Most of the "conventions" regarding sheers are no longer used. As has been pointed out, each designer develops their own idea of the ideal sheer. Personally, I can recognize different designers work a half mile away, by the sheer and the visual clues, like bow profile, etc. I hope I'm not as predictable, but giving it some thought just now, I tend toward Indian head or plumb bows, similar foil shapes and rigging choices and I labor over sheer sweeps a great deal. Maybe 50 years from now some one will pass a puddle and say, "hay, look a PAR design." . . . "I can tell by the ugly bow and funky sheer" . . .
As far as accepted norms and form following function, I see two avenues. One peruses sales, in which anything goes. Form follows marketing trends in these cases. In the other is clever engineering and invention. From the crab boat that develops a special winch to haul its pots to a racer that reduces windage by placing it's turnbuckles below decks, all functional elements, which will be followed by the folks that hadn't thought of it yet. It may not be necessarily correct for each application, but how do you know unless you stub you toe on the thing in the middle of the night.
I am inclined to be more one eyed on this!
Focus on function and let the form take care of itself.
People might not like the result .. but they will grow to like it if the function is noticeably superior.
If Spencer and Vanderstadt had been accepted by the mainstream clubs and the general Yachting establishment the history of boat design would have been much different.
There would have been an era of cheaper, faster, easier to build ocean racers and cruisers with good righting moments and easy to handle fractional rigs.
And everyone would have the "chine" as the universal standard of beauty.
(I would probably be spending my time designing round bilged boats just to show em!!!).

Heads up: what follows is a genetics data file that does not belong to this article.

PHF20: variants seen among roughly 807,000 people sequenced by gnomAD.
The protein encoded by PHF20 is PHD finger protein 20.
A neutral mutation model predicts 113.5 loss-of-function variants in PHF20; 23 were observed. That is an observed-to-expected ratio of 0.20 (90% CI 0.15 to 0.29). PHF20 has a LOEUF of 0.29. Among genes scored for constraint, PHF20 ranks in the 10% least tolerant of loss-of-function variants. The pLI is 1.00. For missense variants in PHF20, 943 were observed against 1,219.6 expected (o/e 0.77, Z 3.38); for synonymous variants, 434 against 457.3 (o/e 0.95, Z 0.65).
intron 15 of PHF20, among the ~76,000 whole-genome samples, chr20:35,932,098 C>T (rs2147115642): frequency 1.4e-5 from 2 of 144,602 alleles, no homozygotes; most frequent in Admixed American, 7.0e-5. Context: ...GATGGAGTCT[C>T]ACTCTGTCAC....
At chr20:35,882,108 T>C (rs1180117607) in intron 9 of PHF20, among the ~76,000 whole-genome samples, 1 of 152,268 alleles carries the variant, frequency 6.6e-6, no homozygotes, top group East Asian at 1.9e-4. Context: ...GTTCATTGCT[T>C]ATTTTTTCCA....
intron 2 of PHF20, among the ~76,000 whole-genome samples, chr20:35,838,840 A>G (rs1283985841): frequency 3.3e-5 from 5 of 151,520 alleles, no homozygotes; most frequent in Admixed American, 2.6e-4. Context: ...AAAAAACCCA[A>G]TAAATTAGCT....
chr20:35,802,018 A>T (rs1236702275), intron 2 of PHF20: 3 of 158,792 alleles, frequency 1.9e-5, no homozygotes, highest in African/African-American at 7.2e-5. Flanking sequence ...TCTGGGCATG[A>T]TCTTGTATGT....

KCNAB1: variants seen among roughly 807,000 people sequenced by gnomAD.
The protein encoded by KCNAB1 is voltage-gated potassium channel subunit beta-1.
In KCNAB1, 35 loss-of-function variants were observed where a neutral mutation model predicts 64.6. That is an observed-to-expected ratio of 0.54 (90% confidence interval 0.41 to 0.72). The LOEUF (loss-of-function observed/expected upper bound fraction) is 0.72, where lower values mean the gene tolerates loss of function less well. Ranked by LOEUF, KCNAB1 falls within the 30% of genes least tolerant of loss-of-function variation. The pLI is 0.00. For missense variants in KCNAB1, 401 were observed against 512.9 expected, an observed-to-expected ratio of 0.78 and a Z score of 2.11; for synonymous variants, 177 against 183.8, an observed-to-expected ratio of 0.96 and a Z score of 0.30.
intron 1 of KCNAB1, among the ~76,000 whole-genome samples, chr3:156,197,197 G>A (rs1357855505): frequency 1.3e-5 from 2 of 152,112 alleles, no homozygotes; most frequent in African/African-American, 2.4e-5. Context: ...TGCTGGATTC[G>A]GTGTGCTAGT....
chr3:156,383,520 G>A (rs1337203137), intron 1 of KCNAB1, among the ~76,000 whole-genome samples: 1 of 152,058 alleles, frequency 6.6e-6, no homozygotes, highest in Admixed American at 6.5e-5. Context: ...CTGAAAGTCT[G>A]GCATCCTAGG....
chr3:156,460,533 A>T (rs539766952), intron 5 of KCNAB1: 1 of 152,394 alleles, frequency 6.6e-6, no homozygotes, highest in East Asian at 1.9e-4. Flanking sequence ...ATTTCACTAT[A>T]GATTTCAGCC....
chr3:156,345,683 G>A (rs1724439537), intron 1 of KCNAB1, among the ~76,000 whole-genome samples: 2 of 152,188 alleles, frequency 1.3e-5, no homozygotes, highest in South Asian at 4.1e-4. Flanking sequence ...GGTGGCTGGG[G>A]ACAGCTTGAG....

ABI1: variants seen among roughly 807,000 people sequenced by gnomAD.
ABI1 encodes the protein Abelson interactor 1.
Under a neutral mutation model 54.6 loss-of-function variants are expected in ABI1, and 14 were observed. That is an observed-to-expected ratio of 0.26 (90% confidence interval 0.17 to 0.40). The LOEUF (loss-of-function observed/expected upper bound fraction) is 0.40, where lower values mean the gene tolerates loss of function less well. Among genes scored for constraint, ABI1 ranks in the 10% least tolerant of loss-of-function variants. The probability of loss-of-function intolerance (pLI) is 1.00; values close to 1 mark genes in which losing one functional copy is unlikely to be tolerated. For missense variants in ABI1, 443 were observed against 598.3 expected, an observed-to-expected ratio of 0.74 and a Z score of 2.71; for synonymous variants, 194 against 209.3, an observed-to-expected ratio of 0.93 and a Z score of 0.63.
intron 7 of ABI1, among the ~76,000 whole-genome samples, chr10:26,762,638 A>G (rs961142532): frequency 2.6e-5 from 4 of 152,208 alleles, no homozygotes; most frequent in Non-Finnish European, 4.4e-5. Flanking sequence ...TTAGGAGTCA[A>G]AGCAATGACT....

"C'mon guys ... these things have real advantages"
"But MIK, they are sooooooo 1870's"
(PAR knows I am really too lazy as a boatbuilder to be bothered with round bilges - and as a designer I wouldn't force something on other people that I am not prepared to do myself)
OK, I got it, the purpose of sheer is to stop the gunwales from fraying at the edge. It's just easier to make it a smooth curve instead of a saw-edge. Right?
I think you misread me.
====="Focus on function and let the form take care of itself."=========
. I said the same thing. Form "follows", (as in comes last, behind, after), function, (as in, IT is more important).
Anyway, I'd much rather something work well, last longer, than look good. A rare event here in the USA. As a culture, we want it fast, cheap, & COOL looking first. Even better if it is short lived or can be made obsolete in a month.
Anyway, I'm getting an ear full about "sheer", thay's the best part.
Ted says: If it has tits, tires, or a transom, there's gonna be issues!
I guess my main point is that there are no rules or guidelines.
And maybe I am saying that function follows function. Appreciation of form is something that happens after the fact and that appreciation is a malleable thing. Function you can trust - form is fashion or culture.
There was also a bit of a feeling that you were allowing an aesthetic form be a guide to correct function.
I don't agree - but I might be wrong about what you meant - and I might be wrong too!
I think that what you said cut to lots of important issues about design in general.
And perhaps I am a little bit (ahem) enthusiastic about them.
I think all the truly gifted designers have employed aesthetically wonderful lines and shapes, which proved to be cleverly engineered structures, fitting the function element of the formula.
I do take exception to function for function sake and letting things fall where they may visually. If this were not the case, we all would be building Bolger Bricks (or PD Racers Michael, which to me look like home made concrete mixing tubs) and couldn't care a lick about a Matincus Pea Pod or Rangeley boat as it glides past our view.
I'm an admirer of many Bolger designs, including some of the box boats that seem to be children only a mother could love visually. The brilliant design skills that make most of these boats perform so well (they'd better considering their looks) are noticed in me, but they could have been pretty also.
I work hard to get a sheer just right for the type I'm working on, though it may bear little in the performance envelope of the craft, I have to be proud it looks fine sitting on her marks come launch day. Maybe this is vanity, but I think you can have both and the better among us seem to do this much more often, compared to hacks like me, who might get lucky every once and a while a wiggle into a pretty bow profile by accident.